Weekly Feature



2018-10-11 / Editorial

Out of the Past


SET IN STONE — The Warren Hull House, now known and the Hull Family Home and Farmstead, was built in 1810 and is the oldest stone dwelling in Erie County. This educational gem in Lancaster has links to the Revolutionary War, War of 1812 and the burning of Buffalo by the British in 1813. In one photo, a 40-foot beam can be seen extending from one end of the Hull Home’s attic to the other. 
Photos from “Lancaster Memories:A Pictorial History” and courtesyof Mary Jo Monnin and Dick Young. SET IN STONE — The Warren Hull House, now known and the Hull Family Home and Farmstead, was built in 1810 and is the oldest stone dwelling in Erie County. This educational gem in Lancaster has links to the Revolutionary War, War of 1812 and the burning of Buffalo by the British in 1813. In one photo, a 40-foot beam can be seen extending from one end of the Hull Home’s attic to the other. Photos from “Lancaster Memories:A Pictorial History” and courtesyof Mary Jo Monnin and Dick Young. 125 Years Ago
Oct. 12, 1893

• While Mr. John Leininger was driving on the Cemetery Road on Tuesday, his horse stumbled and fell, throwing him out over the dashboard. Fortunately, he received only a few slight bruises. The thills of the buggy were broken, but no other damage was done.

• After being closed for about three months, work was resumed at the glass factory on Monday last.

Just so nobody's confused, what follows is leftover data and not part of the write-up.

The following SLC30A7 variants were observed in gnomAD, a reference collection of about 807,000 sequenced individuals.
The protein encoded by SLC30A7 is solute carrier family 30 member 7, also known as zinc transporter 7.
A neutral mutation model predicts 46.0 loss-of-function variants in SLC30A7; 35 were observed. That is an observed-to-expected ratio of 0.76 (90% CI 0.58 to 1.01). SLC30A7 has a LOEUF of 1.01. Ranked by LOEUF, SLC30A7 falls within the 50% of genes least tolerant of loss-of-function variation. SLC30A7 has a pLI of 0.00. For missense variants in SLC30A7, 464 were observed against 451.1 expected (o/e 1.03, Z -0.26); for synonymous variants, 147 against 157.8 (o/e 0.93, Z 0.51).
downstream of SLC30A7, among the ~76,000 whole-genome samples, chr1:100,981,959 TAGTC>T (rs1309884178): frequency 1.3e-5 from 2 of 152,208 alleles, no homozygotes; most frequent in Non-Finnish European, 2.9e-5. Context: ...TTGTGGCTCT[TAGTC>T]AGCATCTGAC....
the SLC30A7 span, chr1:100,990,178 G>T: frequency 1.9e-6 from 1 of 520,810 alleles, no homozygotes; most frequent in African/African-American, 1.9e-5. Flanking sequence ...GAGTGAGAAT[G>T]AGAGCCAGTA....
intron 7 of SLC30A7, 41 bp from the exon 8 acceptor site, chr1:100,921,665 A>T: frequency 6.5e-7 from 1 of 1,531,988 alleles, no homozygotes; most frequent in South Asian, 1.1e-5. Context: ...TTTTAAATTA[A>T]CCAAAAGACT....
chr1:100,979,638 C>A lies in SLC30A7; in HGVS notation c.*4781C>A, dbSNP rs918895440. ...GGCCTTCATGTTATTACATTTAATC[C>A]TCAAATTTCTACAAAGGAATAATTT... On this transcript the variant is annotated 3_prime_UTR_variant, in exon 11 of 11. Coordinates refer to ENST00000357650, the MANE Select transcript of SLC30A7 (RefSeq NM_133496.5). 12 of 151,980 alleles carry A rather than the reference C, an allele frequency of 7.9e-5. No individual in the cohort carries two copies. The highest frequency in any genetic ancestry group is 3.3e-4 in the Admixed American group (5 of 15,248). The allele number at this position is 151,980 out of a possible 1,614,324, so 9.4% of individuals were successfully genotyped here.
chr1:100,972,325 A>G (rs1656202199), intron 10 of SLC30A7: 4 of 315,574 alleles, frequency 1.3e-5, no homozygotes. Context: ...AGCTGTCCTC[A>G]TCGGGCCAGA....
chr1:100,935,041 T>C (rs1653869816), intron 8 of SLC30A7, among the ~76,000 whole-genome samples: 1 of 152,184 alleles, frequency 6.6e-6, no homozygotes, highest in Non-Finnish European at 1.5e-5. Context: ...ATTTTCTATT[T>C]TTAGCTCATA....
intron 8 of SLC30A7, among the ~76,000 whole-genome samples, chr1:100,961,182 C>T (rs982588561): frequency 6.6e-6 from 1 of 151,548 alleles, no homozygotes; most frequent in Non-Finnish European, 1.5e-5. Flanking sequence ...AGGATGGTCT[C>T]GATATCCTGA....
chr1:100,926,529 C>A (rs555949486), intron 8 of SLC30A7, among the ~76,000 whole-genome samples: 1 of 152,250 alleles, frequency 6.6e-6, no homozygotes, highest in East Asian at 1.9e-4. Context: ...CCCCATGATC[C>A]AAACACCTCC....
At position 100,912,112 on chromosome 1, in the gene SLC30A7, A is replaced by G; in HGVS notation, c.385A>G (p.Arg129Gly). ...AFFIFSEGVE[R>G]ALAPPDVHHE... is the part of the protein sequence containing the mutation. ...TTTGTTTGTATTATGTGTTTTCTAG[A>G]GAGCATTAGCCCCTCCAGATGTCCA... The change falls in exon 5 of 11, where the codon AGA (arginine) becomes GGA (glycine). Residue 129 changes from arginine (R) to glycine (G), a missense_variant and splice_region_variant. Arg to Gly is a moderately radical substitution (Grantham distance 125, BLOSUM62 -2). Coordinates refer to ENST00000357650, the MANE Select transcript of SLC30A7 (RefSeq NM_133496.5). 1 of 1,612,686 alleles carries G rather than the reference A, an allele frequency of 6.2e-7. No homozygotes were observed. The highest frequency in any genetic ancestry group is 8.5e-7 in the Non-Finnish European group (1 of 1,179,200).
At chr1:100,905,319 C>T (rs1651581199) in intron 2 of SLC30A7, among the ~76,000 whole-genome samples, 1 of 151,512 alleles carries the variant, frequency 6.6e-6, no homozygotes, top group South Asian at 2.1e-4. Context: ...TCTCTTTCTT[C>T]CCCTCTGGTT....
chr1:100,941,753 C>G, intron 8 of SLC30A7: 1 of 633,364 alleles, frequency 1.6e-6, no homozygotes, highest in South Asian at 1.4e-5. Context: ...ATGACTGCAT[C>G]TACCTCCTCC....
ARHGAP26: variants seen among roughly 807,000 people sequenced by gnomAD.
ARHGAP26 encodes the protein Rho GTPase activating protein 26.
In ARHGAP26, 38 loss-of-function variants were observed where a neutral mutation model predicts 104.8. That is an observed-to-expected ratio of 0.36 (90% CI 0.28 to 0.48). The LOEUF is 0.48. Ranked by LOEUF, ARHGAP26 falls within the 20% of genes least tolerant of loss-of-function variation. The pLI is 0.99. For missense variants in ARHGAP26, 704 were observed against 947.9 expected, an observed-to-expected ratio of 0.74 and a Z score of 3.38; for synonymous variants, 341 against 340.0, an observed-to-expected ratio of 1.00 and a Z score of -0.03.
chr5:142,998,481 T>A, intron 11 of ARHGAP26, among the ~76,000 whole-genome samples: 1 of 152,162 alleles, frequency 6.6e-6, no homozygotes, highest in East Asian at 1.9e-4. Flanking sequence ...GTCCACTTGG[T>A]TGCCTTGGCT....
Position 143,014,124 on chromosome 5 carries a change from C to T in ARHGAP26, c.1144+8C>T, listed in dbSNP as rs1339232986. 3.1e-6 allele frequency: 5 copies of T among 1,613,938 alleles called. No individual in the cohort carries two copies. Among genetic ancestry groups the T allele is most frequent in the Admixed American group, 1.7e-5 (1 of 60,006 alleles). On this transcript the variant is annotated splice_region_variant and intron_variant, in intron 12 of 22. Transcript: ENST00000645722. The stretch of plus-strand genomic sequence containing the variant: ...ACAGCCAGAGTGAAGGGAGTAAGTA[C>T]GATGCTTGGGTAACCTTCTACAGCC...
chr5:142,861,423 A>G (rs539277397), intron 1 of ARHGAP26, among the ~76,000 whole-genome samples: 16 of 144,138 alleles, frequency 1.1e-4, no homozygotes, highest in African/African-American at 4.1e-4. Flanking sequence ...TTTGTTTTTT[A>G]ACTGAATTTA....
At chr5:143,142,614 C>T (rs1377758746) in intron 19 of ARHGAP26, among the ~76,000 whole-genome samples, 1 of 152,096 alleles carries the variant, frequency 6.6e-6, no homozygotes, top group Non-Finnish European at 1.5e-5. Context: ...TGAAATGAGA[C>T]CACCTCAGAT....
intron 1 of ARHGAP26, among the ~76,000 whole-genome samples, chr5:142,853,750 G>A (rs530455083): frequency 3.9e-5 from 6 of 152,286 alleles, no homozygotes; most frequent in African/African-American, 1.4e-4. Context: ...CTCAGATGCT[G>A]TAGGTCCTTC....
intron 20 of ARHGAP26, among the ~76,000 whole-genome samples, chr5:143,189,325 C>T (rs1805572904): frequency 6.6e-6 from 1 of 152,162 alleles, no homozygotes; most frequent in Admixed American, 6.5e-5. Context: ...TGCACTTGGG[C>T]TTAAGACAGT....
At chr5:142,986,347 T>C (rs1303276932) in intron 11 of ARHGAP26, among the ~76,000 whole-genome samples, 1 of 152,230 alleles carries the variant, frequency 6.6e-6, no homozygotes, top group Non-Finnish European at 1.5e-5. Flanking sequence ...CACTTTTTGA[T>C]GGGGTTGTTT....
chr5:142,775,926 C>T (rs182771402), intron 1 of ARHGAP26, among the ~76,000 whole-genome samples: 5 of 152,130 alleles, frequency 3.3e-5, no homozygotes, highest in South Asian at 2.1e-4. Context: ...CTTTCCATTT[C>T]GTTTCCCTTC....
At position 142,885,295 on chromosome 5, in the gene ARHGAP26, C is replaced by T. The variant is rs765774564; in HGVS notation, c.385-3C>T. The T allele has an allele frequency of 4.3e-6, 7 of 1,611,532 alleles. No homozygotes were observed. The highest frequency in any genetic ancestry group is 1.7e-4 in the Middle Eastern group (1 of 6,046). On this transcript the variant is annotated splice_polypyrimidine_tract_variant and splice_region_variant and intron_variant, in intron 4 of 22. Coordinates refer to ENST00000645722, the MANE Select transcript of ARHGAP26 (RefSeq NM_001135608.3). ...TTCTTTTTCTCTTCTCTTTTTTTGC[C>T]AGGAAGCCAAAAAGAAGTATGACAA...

• Twenty-dollar gold coins that have been sawed and baser metal substituted for the gold in the interior are in circulation in some sections of the state.

• The Depew Imperial Land Company, which will hold and sell real estate in Depew, has been incorporated in Albany. The capital is $39,000, divided into 390 shares of $100 each. The office of the company is said to be in Buffalo. The directors are Samuel E. Laird, Albert W. Courtney, John S. Gottchalk, all of Buffalo.

• Negotiations are now pending whereby it is quite certain that the new depot of the Lehigh Valley Railroad will be located directly in front of the New York Central Locomotive Works at the head of Calumet Street, which is now a public highway extending northward from Sawyer Avenue to the New York Central shops, forming the west bounds of the Independence Tract and immediately east of the great Union Freight Car Works. This street is soon to be graded and put in fine shape and sidewalks laid.

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